Photo by Pop Culture Passionistas
Not only is Debbie Reynolds a film icon, she’s quite the historian as well. Over the years, the star of Singing in the Rain amassed an unparalleled collection of Hollywood memorabilia. Originally she had hoped to open her own museum but unfortunately that dream never became a reality.
So last year, Debbie auctioned off a portion of her assemblage. In the event’s catalog, she explained how her obsession started. “My love for collecting began early in my MGM career. I used to spend my spare time in the wardrobe department, watching the most talented people create costumes for the actors. I was fascinated by how they were able to translate a simple suggestion in a script, sometimes even a piece of dialogue, into a magnificent costume. I loved everything that went into the process – the sketches, the fabrics, the construction.”
For her part, Debbie seemed to have preserved almost every important film costume imaginable. These included Rudolph Valentino’s matador suit from Blood and Sand, Marilyn Monroe’s white dress from The Seven Year Itch and Judy Garland’s ruby slippers from The Wizard of Oz.
She may have sold some of these famous items, but Debbie hasn’t stopped honoring the history of Hollywood. Inspired by some of the pieces in her collection, the blog on her website, which is managed by Bradley Russell, spotlights articles that cover silver screen performers, characters, costume choices and much, much more.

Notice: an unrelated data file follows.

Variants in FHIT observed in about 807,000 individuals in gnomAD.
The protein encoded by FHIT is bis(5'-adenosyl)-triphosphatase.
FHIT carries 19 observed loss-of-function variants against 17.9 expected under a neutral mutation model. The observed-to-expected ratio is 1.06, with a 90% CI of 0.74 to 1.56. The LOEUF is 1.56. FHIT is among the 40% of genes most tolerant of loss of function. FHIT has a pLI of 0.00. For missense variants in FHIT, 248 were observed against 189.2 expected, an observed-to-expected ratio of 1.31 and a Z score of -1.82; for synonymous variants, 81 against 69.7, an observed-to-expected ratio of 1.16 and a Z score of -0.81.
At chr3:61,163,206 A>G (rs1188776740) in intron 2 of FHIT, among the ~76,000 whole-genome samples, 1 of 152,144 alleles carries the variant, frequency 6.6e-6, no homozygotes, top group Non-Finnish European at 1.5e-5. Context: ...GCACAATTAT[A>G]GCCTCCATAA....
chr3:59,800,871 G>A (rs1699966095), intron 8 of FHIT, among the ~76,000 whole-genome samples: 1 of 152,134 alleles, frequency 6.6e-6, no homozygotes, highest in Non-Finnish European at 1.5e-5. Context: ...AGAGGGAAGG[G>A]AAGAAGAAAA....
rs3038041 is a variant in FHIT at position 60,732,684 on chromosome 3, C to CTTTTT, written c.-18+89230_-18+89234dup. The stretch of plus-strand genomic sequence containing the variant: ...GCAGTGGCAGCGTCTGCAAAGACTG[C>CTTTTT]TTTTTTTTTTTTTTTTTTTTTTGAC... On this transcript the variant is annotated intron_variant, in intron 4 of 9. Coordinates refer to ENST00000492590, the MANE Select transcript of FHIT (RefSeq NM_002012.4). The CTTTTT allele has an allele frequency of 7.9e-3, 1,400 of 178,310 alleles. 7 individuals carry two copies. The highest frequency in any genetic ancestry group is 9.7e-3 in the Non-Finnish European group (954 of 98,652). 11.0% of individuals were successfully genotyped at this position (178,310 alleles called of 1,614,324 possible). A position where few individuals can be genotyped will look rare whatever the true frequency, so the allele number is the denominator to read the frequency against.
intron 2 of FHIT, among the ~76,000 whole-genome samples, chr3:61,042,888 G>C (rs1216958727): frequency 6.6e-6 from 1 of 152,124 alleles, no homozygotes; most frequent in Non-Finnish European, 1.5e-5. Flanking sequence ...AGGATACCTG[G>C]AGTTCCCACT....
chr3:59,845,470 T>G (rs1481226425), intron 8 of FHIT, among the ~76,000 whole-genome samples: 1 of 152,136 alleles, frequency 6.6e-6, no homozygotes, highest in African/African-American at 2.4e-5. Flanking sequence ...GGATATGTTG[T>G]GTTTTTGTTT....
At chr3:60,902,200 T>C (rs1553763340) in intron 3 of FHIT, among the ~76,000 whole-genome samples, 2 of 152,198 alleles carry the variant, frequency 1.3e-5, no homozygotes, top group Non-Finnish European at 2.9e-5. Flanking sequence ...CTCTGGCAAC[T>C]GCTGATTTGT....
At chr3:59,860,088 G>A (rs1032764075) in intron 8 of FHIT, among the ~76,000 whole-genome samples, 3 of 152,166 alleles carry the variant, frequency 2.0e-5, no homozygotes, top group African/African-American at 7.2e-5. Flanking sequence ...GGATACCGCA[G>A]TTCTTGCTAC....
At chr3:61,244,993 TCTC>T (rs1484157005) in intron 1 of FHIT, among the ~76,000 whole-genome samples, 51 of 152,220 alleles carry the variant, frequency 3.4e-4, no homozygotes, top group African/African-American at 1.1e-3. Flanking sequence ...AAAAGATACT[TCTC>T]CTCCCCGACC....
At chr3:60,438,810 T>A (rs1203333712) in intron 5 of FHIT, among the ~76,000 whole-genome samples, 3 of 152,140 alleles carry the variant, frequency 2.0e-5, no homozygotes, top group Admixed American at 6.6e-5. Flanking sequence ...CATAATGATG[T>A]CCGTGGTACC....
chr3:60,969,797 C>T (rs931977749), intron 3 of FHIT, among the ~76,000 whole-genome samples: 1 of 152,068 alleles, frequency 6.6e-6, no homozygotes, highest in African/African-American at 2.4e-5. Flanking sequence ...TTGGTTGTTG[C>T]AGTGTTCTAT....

Kirsten Anderson, who writes the articles on Debbie’s behalf explained how the blog came about. “We want to use the items that were a part of the Debbie Reynolds Collection to bring back memories of the classic movies that so many of us still love.”
In order to do that the blog, which launched this past April, features “lots of great Hollywood stories and gorgeous pictures.” Kristen revealed the ultimate goal, “I hope people who are already fans of films of the era will discover something they didn't already know, and that those who are new to classic film will see something that makes them want to learn more.”
As for her personal motivation for writing the articles, Kristen remarked, “When I was growing up we only had one TV. My mom liked to watch old movies so by the time I was seven or eight, black and white movies with crackly sound and static cameras seemed normal to me. I've always liked the story behind the story, so as soon as I could read I started going through every book I could find on film history or biographies of actors. Now I have a memory full of things like who was the top costume designer at each studio, why Douglas Shearer is credited on all MGM sound films, what shoe size Carole Lombard wore, and where Mildred Pierce was filmed. Yet ask me what I did yesterday and I'll probably stare at you blankly for a while.”
Recent entries include “Three Great Charles Laughton Performances,” “Ruth Warrick, aka Mrs. Kane,” and “Five Mary Pickford Films You Should See.” This site really is a classic film buff’s dream come true.
See for yourself at www.debbiereynolds.com/blog.